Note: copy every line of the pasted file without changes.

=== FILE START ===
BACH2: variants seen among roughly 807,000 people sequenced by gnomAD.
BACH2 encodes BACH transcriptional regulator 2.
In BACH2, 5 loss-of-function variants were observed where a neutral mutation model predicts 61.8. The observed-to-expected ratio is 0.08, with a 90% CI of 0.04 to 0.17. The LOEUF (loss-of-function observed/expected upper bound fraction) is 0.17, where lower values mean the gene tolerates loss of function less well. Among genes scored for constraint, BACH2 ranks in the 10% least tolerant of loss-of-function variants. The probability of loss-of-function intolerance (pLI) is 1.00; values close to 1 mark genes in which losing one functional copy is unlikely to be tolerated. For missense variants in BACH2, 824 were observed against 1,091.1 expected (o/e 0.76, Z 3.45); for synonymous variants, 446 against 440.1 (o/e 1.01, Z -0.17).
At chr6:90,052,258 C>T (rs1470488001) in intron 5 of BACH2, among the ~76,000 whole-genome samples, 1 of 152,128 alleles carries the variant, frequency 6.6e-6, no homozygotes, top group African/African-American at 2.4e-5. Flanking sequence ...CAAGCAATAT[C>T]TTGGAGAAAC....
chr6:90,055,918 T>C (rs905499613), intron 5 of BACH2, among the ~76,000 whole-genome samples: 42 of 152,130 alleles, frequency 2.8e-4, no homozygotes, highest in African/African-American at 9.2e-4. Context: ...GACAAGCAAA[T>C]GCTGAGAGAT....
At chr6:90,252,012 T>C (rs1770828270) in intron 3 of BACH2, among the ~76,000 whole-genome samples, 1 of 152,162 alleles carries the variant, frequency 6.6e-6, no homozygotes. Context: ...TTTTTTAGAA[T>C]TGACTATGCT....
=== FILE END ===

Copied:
BACH2: variants seen among roughly 807,000 people sequenced by gnomAD.
BACH2 encodes BACH transcriptional regulator 2.
In BACH2, 5 loss-of-function variants were observed where a neutral mutation model predicts 61.8. The observed-to-expected ratio is 0.08, with a 90% CI of 0.04 to 0.17. The LOEUF (loss-of-function observed/expected upper bound fraction) is 0.17, where lower values mean the gene tolerates loss of function less well. Among genes scored for constraint, BACH2 ranks in the 10% least tolerant of loss-of-function variants. The probability of loss-of-function intolerance (pLI) is 1.00; values close to 1 mark genes in which losing one functional copy is unlikely to be tolerated. For missense variants in BACH2, 824 were observed against 1,091.1 expected (o/e 0.76, Z 3.45); for synonymous variants, 446 against 440.1 (o/e 1.01, Z -0.17).
At chr6:90,052,258 C>T (rs1470488001) in intron 5 of BACH2, among the ~76,000 whole-genome samples, 1 of 152,128 alleles carries the variant, frequency 6.6e-6, no homozygotes, top group African/African-American at 2.4e-5. Flanking sequence ...CAAGCAATAT[C>T]TTGGAGAAAC....
chr6:90,055,918 T>C (rs905499613), intron 5 of BACH2, among the ~76,000 whole-genome samples: 42 of 152,130 alleles, frequency 2.8e-4, no homozygotes, highest in African/African-American at 9.2e-4. Context: ...GACAAGCAAA[T>C]GCTGAGAGAT....
At chr6:90,252,012 T>C (rs1770828270) in intron 3 of BACH2, among the ~76,000 whole-genome samples, 1 of 152,162 alleles carries the variant, frequency 6.6e-6, no homozygotes. Context: ...TTTTTTAGAA[T>C]TGACTATGCT....